- Bonding by Covalent bonds.
- Primary bonds held together by strong cross links.
Process: Condensation Polymerisation
- Forms strong primary bonds between chains.
- Two monomers react to form a new molecule with water or alcohol emitted as a bi-product.
- The polymer cannot be resoftened.
- E.g. Phenol Formaldehyde
- High melting points.
- High tensile strength.
- Can withstand high temperatures without losing their rigidity.
- Primary bonds between molecule chains.
- Split formed mould.
- Polymer can be in powder or slug form.
- Combination of heat and pressure (coalescence) allows piece to be formed.
- Triggers chemical reaction cross linking and the object is removed.
- High quality finish
- E.g. Electrical fittings, Bottle tops.
- The moulding powder is placed in a compartment above the mould where it is heated.
- The plunger forces the molten polymer into a cooled cavity.
- The polymer solidifies in the mould which is then opened and the product is removed.
- Used to make complex products.
- E.g. socket covers.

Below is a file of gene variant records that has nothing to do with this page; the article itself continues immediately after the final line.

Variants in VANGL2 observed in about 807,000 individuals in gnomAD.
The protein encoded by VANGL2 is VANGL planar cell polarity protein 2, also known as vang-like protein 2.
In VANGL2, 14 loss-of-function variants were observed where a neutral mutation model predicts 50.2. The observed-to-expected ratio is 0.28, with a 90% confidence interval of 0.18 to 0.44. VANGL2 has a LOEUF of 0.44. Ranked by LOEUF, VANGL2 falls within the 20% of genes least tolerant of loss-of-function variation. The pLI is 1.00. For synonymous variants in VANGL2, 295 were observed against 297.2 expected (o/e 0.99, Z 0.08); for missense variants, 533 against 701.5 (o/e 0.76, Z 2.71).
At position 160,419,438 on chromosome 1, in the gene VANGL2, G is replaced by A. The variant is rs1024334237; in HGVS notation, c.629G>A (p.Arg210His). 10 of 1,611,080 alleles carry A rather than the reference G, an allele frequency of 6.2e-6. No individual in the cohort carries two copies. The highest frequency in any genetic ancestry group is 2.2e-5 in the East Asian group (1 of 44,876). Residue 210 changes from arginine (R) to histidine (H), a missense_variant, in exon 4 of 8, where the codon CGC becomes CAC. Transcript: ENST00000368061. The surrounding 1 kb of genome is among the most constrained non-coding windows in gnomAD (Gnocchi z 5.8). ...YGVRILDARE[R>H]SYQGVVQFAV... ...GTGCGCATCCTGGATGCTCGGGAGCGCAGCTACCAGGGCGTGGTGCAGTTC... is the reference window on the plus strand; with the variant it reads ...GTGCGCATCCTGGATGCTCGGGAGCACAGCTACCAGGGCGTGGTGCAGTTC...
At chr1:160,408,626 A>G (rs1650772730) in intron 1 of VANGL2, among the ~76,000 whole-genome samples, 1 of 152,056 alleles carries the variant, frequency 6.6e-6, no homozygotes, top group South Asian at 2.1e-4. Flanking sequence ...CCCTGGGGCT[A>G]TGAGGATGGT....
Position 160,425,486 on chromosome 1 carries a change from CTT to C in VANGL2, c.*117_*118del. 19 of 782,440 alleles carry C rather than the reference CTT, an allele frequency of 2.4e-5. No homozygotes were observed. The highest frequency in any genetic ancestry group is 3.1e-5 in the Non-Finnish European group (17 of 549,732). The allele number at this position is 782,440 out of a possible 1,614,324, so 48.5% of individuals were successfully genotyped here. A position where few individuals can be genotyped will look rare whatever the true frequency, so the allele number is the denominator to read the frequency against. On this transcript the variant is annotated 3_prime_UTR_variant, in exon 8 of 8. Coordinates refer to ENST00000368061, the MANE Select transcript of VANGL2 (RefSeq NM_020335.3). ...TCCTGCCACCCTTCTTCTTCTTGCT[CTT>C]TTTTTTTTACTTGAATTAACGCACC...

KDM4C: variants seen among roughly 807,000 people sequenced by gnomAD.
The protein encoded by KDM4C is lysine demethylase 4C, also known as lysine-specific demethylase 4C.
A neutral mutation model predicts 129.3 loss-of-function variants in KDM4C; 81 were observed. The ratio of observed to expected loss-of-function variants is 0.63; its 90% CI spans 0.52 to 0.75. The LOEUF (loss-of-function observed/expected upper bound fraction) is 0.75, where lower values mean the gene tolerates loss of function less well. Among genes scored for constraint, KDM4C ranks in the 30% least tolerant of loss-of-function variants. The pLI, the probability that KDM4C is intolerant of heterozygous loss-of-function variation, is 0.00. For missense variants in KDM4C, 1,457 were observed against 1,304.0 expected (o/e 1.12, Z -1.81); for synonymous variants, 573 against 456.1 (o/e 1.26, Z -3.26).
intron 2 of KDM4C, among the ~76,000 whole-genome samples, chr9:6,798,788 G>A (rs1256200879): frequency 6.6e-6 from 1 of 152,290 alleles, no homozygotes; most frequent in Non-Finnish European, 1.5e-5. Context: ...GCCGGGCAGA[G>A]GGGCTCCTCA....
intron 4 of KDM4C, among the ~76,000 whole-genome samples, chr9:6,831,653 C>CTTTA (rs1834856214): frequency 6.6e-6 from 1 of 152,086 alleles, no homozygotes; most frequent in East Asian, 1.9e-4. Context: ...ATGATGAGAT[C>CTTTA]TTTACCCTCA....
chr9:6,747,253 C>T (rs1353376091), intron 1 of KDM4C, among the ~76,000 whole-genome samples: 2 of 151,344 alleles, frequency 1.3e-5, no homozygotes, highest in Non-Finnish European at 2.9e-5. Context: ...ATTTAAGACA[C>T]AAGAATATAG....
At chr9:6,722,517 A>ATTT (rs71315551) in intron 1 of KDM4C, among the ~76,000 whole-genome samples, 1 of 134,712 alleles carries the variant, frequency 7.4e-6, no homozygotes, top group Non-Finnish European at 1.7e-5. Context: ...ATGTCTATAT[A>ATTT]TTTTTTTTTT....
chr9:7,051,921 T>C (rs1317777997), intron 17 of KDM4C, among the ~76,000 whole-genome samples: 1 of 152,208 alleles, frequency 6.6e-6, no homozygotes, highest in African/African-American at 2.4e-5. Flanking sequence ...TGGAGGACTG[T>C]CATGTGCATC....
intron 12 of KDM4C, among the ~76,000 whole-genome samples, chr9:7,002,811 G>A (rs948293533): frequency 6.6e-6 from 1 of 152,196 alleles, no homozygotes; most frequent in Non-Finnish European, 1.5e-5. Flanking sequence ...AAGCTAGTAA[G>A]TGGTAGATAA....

- Bonded by covalent bonds.
- Secondary bonds with weak Van Der Waals forces which can be broken down by heat.
Process: Addition Polymerisation
- Monomers join up to form long chain like molecules called polymers.
- These are arranged like spaghetti and when each polymer overlaps, weak temporary bonds called Van Der Waals forces are formed.
- E.g. Polyethylene
- Low melting points.
- Easy to mould
- Can be remoulded and are subject to disruption by heat.
- Can be recycled .
- Low tensile strength.
- Secondary bonds between molecule chains.
- The thermoplastic moulding powder is fed from a hopper into a heated chamber.
- A large archimedian screw moves the softening plastic through the chamber.
- This plastic is forced through a die at the end of the machine. The die gives the desired extruded shape which is then cooled by air or water and cut into lengths.
- It may also be cooled in a vacuum chamber.
- E.g. Piping.
- The thermoplastic in granule form is fed into a heated compartment by a hopper.
- A plunger forces the plastic along the machine barrel where they are melted by heaters.
- A torpedo compacts the materials.
- The softened materials are then forced into the mould by the torpedo where it cools and solidifies.
- The mould is opened and the plastic product is ejected.
- E.g. Lego
- Continuous lengths of sheets are produced by calendaring.
- The material passes through a series of heated rollers to produce the desired thickness of the material.
- It is the cut to size or collected on a roll.
- E.g. Cling film.